In the supply chain, is there a key difference between the terms vendor and supplier?
Both are commonly used terms when discussing supply chain management, roles, and duties, and it’s not uncommon to hear them used interchangeably. As to whether there is a difference worth noting (and how that difference is defined), it largely depends on whom you ask.
Both suppliers and vendors supply goods and services to a company, but there are minute details that make each one a stand-alone term. Let’s clarify.
Supplier vs. Vendor: A Brief Breakdown
Some sources define the term supplier as a business or person that make goods available to another business or service. Suppliers are often referred to as the first link in a supply chain, existing strictly in a B2B relationship. By contrast, a vendor is a business or person who purchases products from a company, then sells them to someone else. They’re often considered the last supply chain link and can participate in business-to-business (B2B) or business-to-consumer (B2C) relationships.
Another notable difference is that vendors are typically in the business of providing items that can be inventoried, while suppliers deal more in raw materials that will be turned into something else. In this comparison, vendor relationships are usually focused on price comparisons, while supplier relationships are more attuned with how the supplier influences the quality of the product.
Illustrating the Vendor vs. Supplier Relationships
Let’s put these definitions into perspective with some examples.
You own a restaurant and serve several types of soda. You order your soda from a vendor instead of a supplier because mixing, canning or bottling, and storing your own soda is too much of an expense and hassle to justify doing it all yourself. You probably have a contract with a particular vendor to supply your restaurant with all its soda.
Now, let’s say you’re a health-focused restaurant that specializes in high-quality, organic, made-from-scratch meals. You’ve partnered with several local farms to supply you with ingredients that you use in your kitchen. These farms would be considered suppliers, as your company is directly connected to the integrity of their products. The supplier is considered a partner in the business, helping to enhance your company image while providing a mutually beneficial business relationship.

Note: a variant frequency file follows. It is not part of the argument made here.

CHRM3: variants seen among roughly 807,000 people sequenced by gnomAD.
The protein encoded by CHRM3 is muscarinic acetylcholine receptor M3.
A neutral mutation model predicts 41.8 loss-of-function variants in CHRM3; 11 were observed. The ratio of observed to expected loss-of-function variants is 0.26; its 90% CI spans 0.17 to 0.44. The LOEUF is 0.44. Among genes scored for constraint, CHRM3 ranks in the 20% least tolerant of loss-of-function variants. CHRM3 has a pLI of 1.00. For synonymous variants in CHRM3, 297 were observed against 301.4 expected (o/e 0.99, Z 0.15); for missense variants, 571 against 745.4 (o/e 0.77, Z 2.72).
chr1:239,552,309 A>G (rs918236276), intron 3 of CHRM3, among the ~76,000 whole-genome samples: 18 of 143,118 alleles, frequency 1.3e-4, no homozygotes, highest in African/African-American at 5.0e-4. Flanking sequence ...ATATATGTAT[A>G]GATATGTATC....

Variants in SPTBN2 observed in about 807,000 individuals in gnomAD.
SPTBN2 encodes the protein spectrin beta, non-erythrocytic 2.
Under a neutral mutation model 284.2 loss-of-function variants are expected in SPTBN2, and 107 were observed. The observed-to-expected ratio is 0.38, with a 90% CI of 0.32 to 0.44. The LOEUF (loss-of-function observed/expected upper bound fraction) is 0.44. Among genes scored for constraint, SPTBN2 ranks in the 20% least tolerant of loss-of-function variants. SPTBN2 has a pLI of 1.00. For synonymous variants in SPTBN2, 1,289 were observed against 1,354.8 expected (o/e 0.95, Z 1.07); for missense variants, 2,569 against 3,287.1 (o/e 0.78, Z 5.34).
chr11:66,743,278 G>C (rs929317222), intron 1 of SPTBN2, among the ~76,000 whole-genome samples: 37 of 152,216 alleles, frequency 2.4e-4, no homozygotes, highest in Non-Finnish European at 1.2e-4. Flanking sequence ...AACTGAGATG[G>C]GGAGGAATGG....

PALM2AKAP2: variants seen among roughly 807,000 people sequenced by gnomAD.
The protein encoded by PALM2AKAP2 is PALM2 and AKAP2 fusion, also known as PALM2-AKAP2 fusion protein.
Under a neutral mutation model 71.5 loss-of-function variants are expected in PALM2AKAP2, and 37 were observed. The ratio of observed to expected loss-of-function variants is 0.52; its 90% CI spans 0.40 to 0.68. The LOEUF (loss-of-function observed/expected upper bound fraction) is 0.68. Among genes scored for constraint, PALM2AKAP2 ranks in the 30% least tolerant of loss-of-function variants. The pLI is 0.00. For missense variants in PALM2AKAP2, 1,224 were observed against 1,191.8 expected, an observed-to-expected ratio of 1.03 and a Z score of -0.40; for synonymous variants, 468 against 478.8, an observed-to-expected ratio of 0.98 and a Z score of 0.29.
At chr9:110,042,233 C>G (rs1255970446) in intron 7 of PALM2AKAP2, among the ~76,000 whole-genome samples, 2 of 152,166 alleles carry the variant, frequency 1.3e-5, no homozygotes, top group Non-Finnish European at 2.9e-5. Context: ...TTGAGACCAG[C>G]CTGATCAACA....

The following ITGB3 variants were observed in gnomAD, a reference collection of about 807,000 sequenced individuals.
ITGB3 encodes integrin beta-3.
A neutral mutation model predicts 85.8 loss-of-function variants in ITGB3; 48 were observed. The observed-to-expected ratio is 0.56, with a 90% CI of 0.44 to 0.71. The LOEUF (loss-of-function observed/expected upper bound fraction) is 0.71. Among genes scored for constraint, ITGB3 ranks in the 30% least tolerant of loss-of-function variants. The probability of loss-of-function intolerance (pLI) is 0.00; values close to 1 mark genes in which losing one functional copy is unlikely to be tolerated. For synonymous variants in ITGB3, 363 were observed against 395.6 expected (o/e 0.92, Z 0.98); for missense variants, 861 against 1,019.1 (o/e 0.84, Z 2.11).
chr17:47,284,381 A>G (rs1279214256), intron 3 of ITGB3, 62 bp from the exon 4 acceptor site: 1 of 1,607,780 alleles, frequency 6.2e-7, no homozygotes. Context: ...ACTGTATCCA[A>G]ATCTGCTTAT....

Specification Data Management: A Common Link with Vendors and Suppliers
Regardless of whether you use vendors or suppliers (or both), companies need an easy way to track their relationships with each, along with what they’re buying and how much it costs.
In either case, Specification Data Management software can provide a direct link to your entire suite of strategic partnerships. Managing your relationship data at the spec level can help you track materials and identify opportunities to save money and improve efficiency across the supply chain.As is the case with many industries, better data management is the future of the supply chain. Learn more about how it can help you improve the way you work.
In The Evolution of Products and Packaging, Specright CEO Matthew Wright provides a first-hand account of the trends that ushered in an explosion of SKUs and an increase in supply chain complexity that plagues manufacturers, brands, and retailers still today.
Over the course of Wright’s journey, the answer to this complexity seemed simple: to keep up, the professionals would need to embrace data to make better, smarter, more sustainable products and packaging. You’ll recognize stories of the common pitfalls organizations slip into when it comes to managing their most important data and get a glimpse into the future of how data can drive the answers to some of our most pressing supply chain challenges. Download the eBook now.